Intro to Photo: Part 2 – Exposure
Good morning, FashionPhotographyBlog.com readers! Welcome back to our brief intro to photography. Last post we talked about the camera basics. In this post we are going to going to talk about how to set up your exposure correctly. So let’s jump right in.
Setting Your Exposure
There are three main settings to be aware of prior to taking a photograph. Those settings are ISO, Aperture and Shutter Speed.
ISO – ISO, back in the days of film, was the measure of a film’s sensitivity to light. This system has been adopted by digital cameras and essentially works the same way it did with film. “Less sensitive” films require more light to make an exposure – The higher the ISO number, the more sensitive the film. So, what exactly does this mean?
Let’s say you want to shoot someone outside on a bright, sunny day. You would use a film (or set your digital camera) with an ISO of about 100. Because of the large quantities of light available to you, it’s not necessary to use a sensitive film.
If you’re trying to shoot someone in a room solely illuminated by candle light, you’re going to need film that is much more sensitive. For this situation I would suggest using something closer to ISO 1600. Films that are more sensitive are referred to as “fast films” whereas films that are less sensitive are referred to as “slow films.”
In the case of film, the more sensitive it is, the more grain you will see in the final image (this has to do with the chemistry of the film and something called “silver halides.”). With digital cameras, the higher the ISO, the more noise you will see in your final images. This has to do with the image sensor and how much heat it is giving off while capturing your image, among other things.
Aperture (f/stop) – Aperture is the size of the hole in the lens that controls the amount of light let in. The larger the f/stop # the smaller the opening in the lens.
Shutter Speed – Shutter speed is the other setting which controls how much light is let into the camera. This one is kind of self-explanatory, time works in fractions of a second.
You must understand the relationship between shutter speed and aperture in order to precisely control your exposure. The wider open your aperture, the faster your shutter speed to prevent overexposing your image. The smaller your aperture, the slower your shutter speed to prevent underexposing your image.
Think of it this way… Let’s pretend that your camera is a bucket and light is water. In order to fill your bucket with water, you have to control how much pours in at a time. The larger the opening (the wider open your lens is, i.e. f/2.0) the more water (light) will pour in. Therefore you must shut off the water relatively quickly (use a faster shutter speed, i.e. 1/250th) in order to prevent it from “overflowing” or overexposing your image. It works in the reverse as well… If you have a smaller opening (smaller aperture, i.e. f/22) you must let the light in for longer (use a longer shutter speed, ie 1/15th) in order to prevent an underexposed image.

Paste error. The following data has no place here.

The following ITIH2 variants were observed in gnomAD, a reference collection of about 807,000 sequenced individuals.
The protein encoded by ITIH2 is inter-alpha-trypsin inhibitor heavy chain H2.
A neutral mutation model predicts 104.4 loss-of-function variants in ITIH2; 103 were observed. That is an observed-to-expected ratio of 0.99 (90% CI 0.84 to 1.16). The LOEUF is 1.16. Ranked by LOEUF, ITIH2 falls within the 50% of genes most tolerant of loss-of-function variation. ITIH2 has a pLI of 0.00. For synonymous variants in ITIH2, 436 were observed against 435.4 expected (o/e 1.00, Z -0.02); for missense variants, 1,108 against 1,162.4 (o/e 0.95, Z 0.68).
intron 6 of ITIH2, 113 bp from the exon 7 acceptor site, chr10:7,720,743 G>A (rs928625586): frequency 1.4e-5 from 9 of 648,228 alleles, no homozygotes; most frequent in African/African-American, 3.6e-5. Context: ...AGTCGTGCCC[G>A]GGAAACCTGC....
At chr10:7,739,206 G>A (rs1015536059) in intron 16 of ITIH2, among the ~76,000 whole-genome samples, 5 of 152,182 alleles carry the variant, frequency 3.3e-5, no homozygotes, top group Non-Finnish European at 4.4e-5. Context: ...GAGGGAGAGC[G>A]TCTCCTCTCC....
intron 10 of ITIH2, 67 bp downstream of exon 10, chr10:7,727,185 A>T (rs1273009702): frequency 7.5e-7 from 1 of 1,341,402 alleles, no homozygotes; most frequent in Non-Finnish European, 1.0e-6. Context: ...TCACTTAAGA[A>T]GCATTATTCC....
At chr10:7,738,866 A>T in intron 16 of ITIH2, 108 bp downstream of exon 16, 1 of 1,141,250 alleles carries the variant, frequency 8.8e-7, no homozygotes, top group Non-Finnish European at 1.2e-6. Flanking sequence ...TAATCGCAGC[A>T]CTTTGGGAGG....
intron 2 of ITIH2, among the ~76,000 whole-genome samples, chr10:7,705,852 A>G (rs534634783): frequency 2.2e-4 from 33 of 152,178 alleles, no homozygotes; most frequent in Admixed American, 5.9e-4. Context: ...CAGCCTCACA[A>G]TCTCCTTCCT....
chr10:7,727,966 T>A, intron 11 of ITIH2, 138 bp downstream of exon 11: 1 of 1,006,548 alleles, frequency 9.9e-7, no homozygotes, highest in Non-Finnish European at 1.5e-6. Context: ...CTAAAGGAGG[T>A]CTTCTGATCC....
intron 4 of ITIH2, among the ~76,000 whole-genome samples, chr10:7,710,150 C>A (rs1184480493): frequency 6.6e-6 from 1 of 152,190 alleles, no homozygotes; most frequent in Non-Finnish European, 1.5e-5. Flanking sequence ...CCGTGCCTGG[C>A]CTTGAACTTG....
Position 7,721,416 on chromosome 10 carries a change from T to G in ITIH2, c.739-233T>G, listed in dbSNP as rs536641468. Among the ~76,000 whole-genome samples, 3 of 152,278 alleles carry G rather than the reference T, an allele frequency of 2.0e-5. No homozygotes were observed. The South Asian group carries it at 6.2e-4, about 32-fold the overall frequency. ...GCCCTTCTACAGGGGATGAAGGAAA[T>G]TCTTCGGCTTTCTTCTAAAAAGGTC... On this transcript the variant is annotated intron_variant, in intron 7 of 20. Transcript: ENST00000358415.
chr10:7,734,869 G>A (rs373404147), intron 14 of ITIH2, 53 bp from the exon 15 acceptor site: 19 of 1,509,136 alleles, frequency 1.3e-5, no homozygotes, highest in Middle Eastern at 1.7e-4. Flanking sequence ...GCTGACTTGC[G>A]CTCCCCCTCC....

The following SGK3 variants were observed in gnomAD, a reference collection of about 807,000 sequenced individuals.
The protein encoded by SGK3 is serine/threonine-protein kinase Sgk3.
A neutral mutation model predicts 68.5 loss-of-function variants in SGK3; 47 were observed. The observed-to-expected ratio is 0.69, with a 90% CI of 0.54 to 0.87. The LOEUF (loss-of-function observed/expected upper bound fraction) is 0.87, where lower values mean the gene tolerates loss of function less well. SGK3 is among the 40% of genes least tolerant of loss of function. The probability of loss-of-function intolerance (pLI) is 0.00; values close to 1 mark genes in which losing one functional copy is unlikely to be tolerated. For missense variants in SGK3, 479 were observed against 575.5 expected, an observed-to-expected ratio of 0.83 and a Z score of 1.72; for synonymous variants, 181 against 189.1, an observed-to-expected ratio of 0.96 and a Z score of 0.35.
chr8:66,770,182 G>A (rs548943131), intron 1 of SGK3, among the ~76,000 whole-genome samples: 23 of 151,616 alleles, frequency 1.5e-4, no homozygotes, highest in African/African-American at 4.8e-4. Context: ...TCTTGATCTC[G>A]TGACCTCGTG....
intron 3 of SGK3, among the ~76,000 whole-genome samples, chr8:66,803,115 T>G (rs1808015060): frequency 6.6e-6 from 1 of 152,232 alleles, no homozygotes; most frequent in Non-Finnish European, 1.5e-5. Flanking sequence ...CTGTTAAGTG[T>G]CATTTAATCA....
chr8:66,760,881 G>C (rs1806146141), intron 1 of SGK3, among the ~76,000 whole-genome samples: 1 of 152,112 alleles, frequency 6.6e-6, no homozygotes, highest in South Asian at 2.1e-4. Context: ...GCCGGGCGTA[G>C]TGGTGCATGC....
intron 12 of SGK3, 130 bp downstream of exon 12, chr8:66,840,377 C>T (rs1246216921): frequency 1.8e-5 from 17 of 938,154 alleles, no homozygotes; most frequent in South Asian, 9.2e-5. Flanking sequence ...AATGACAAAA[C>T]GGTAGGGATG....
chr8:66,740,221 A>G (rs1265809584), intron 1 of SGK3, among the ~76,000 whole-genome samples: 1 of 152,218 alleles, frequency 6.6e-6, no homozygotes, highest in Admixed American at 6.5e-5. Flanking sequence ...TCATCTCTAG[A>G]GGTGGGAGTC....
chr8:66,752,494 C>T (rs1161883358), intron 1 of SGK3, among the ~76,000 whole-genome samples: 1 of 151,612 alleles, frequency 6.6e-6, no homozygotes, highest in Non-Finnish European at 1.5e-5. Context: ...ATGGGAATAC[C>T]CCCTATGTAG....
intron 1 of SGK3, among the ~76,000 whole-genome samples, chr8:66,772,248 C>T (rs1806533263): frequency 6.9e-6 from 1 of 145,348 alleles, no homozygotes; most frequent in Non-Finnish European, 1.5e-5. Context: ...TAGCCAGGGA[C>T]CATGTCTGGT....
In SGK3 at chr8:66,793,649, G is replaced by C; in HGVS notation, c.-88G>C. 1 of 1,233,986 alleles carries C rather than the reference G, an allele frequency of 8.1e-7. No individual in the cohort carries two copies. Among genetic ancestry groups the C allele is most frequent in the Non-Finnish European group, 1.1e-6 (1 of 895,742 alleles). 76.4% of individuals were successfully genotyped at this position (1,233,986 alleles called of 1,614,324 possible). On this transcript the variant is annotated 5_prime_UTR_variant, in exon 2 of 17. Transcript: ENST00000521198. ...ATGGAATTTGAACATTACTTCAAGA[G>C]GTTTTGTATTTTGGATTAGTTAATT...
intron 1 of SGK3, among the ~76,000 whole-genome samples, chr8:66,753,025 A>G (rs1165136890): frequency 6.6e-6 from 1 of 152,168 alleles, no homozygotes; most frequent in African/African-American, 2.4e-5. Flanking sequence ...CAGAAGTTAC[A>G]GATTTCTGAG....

Everything in photography is measured in stops. You should memorize these stops because you will need to recall them at a moments notice. Cameras and light meters often measure things in thirds of a stop for more precision, but this can be turned off.
The main stops for ISO:
(Least sensitive) 100, 200, 400, 800, 1600, 3200 (Most sensitive)
The main stops for aperture (f/stops):
(Largest opening) f/1.4, f/2.0, f/2.8, f/4, f/5.6, f/8, f/11, f/16, f/22, f/32, f/64 (Smallest opening)
The main stops for shutter speed:
(Longest) 2s, 1s, 1/2, 1/4, 1/8, 1/15, 1/30, 1/60, 1/125, 1/250, 1/500, 1/1000 (Shortest)
Stops either double or halve when opening up or stopping down. This is blatantly obvious with shutter speeds; it works the same with ISO and f/stops. F/8 allows in 1/2 the amount of light that f/5.6 allows in.
Stops work in relation to each other. If you have the combination for a perfect exposure but decide you want to use a more shallow depth of field or want a longer shutter speed for motion blur, you can easily achieve your desired effect without having to re-meter or anything.
This is something called equivalent exposures.
Count the number of stops between your actual exposure and your desired exposure to figure out what is the new f/stop – shutter speed combination would be. I know this sounds confusing but I promise it’s quite simple.
Let’s say you are shooting at ISO 100 @ f/16 with a shutter of 1/15th of a second.. But you want a shallow depth of field and would rather shoot at f/4. Count the number of stops between the two and adjust your shutter speed accordingly.
The difference between f/4 and f/16 is 4 stops. In this scenario, you’re opening up your aperture, therefore letting in more light. So you must stop down (close) your shutter 4 stops to keep an equivalent exposure. 4 stops difference from 1/15 would be 1/250.
Your new, but equivalent exposure would be ISO 100 @ f/4 with a shutter speed of 1/250th of a second.
I know this part gets a bit confusing. Just stick it through and I promise we’ll get to the fun stuff soon.
In the meantime if you have any questions, just ask! Leave comment below or contact us.
Feature Image & Photo 1: www.ethertonholdings.com
Photo 2, 3, 4, 5: AT